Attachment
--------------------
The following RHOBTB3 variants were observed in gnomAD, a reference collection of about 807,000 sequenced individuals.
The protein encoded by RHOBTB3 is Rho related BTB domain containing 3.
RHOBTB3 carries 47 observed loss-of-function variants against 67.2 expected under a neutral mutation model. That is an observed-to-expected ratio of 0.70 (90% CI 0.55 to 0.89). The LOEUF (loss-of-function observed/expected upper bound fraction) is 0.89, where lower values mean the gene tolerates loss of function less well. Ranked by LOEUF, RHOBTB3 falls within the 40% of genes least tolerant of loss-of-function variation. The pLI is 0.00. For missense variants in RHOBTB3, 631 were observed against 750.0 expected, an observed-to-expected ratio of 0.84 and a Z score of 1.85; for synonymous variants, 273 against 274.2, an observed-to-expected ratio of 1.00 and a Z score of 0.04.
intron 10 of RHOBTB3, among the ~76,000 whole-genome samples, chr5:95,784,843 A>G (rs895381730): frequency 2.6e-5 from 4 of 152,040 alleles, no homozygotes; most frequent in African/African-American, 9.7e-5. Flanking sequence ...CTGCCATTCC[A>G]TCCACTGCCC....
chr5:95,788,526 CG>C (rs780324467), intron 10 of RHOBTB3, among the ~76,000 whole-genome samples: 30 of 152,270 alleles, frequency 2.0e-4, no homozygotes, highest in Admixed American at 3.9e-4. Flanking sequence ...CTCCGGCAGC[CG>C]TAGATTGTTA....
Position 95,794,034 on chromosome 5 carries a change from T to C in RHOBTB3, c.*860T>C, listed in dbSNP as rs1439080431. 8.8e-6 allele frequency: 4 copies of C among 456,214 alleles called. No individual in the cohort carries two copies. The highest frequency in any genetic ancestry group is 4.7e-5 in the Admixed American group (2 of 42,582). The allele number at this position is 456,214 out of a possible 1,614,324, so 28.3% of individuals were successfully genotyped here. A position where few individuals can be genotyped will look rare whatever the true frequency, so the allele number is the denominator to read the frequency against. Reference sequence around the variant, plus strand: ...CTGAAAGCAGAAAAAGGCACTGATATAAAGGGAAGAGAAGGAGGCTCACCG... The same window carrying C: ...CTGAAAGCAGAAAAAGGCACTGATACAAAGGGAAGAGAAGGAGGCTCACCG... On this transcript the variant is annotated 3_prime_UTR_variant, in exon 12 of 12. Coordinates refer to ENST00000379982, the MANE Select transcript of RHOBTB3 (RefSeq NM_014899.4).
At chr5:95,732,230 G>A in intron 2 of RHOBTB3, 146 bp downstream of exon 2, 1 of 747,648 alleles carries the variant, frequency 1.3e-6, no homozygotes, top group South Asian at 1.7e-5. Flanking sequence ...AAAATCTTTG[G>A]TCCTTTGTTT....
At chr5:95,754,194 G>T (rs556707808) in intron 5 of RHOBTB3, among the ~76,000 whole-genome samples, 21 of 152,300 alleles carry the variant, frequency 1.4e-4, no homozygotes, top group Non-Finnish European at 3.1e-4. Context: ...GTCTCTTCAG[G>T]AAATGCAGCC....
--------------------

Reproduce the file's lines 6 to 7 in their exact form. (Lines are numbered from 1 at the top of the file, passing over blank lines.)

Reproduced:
Position 95,794,034 on chromosome 5 carries a change from T to C in RHOBTB3, c.*860T>C, listed in dbSNP as rs1439080431. 8.8e-6 allele frequency: 4 copies of C among 456,214 alleles called. No individual in the cohort carries two copies. The highest frequency in any genetic ancestry group is 4.7e-5 in the Admixed American group (2 of 42,582). The allele number at this position is 456,214 out of a possible 1,614,324, so 28.3% of individuals were successfully genotyped here. A position where few individuals can be genotyped will look rare whatever the true frequency, so the allele number is the denominator to read the frequency against. Reference sequence around the variant, plus strand: ...CTGAAAGCAGAAAAAGGCACTGATATAAAGGGAAGAGAAGGAGGCTCACCG... The same window carrying C: ...CTGAAAGCAGAAAAAGGCACTGATACAAAGGGAAGAGAAGGAGGCTCACCG... On this transcript the variant is annotated 3_prime_UTR_variant, in exon 12 of 12. Coordinates refer to ENST00000379982, the MANE Select transcript of RHOBTB3 (RefSeq NM_014899.4).
At chr5:95,732,230 G>A in intron 2 of RHOBTB3, 146 bp downstream of exon 2, 1 of 747,648 alleles carries the variant, frequency 1.3e-6, no homozygotes, top group South Asian at 1.7e-5. Flanking sequence ...AAAATCTTTG[G>A]TCCTTTGTTT....